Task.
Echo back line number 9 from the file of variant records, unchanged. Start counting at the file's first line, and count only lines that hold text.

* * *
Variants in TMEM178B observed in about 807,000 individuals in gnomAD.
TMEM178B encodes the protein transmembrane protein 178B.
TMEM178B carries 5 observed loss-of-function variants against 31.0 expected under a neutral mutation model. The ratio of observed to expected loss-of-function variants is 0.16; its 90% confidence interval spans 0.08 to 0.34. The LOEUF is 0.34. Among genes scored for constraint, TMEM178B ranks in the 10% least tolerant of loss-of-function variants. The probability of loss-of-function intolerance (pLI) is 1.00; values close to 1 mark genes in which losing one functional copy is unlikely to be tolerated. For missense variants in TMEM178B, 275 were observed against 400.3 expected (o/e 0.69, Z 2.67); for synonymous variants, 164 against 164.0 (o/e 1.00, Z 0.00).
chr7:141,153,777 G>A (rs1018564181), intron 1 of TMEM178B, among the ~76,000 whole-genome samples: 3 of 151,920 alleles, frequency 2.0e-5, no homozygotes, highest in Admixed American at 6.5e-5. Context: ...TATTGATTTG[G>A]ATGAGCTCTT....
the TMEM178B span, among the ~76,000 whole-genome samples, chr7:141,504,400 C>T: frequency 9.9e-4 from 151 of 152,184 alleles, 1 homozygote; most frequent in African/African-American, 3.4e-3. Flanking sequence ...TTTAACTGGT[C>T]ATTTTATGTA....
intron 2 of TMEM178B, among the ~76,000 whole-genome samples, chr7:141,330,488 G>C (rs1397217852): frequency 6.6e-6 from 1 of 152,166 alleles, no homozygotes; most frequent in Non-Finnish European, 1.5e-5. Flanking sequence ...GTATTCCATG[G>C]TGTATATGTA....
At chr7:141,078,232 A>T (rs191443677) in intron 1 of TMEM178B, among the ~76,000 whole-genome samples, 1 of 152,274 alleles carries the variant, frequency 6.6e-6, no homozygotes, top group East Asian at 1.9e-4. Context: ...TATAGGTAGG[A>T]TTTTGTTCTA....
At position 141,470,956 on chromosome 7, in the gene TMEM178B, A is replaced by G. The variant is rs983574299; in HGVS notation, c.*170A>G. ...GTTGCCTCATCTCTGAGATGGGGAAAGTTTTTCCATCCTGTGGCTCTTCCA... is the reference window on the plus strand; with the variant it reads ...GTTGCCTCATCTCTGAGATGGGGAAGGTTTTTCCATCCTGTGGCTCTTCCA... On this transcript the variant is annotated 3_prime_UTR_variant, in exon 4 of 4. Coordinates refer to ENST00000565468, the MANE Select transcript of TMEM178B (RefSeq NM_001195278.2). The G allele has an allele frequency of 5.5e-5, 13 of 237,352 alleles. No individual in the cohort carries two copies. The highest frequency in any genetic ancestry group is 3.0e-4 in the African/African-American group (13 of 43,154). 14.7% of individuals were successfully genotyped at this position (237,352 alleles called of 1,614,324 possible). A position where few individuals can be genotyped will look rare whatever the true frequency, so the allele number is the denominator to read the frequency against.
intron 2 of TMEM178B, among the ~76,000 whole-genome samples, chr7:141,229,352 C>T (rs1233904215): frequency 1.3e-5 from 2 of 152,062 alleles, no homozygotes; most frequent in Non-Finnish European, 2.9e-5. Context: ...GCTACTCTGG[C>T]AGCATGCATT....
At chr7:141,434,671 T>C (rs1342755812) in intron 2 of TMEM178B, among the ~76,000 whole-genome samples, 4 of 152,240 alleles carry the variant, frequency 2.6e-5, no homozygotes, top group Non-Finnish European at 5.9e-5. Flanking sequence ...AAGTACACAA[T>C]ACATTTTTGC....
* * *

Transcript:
intron 2 of TMEM178B, among the ~76,000 whole-genome samples, chr7:141,229,352 C>T (rs1233904215): frequency 1.3e-5 from 2 of 152,062 alleles, no homozygotes; most frequent in Non-Finnish European, 2.9e-5. Context: ...GCTACTCTGG[C>T]AGCATGCATT....